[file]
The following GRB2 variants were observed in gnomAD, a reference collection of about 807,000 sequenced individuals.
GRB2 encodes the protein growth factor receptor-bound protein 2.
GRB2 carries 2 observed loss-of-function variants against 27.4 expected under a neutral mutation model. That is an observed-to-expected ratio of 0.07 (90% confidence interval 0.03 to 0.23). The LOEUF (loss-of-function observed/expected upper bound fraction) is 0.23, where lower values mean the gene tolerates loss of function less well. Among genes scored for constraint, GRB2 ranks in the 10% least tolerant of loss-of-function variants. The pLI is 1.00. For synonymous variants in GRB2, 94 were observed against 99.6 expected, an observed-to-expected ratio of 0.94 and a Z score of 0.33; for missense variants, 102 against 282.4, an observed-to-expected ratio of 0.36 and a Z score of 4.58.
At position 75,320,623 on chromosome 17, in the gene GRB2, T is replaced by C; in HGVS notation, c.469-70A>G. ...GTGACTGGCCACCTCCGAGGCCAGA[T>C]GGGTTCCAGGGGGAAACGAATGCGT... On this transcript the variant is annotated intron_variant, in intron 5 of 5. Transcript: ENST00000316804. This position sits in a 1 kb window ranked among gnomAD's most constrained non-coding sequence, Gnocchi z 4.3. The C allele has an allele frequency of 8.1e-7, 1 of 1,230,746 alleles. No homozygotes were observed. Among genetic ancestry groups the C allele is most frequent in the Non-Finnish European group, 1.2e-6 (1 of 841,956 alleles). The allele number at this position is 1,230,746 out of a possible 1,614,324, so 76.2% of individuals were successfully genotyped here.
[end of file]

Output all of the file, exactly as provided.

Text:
The following GRB2 variants were observed in gnomAD, a reference collection of about 807,000 sequenced individuals.
GRB2 encodes the protein growth factor receptor-bound protein 2.
GRB2 carries 2 observed loss-of-function variants against 27.4 expected under a neutral mutation model. That is an observed-to-expected ratio of 0.07 (90% confidence interval 0.03 to 0.23). The LOEUF (loss-of-function observed/expected upper bound fraction) is 0.23, where lower values mean the gene tolerates loss of function less well. Among genes scored for constraint, GRB2 ranks in the 10% least tolerant of loss-of-function variants. The pLI is 1.00. For synonymous variants in GRB2, 94 were observed against 99.6 expected, an observed-to-expected ratio of 0.94 and a Z score of 0.33; for missense variants, 102 against 282.4, an observed-to-expected ratio of 0.36 and a Z score of 4.58.
At position 75,320,623 on chromosome 17, in the gene GRB2, T is replaced by C; in HGVS notation, c.469-70A>G. ...GTGACTGGCCACCTCCGAGGCCAGA[T>C]GGGTTCCAGGGGGAAACGAATGCGT... On this transcript the variant is annotated intron_variant, in intron 5 of 5. Transcript: ENST00000316804. This position sits in a 1 kb window ranked among gnomAD's most constrained non-coding sequence, Gnocchi z 4.3. The C allele has an allele frequency of 8.1e-7, 1 of 1,230,746 alleles. No homozygotes were observed. Among genetic ancestry groups the C allele is most frequent in the Non-Finnish European group, 1.2e-6 (1 of 841,956 alleles). The allele number at this position is 1,230,746 out of a possible 1,614,324, so 76.2% of individuals were successfully genotyped here.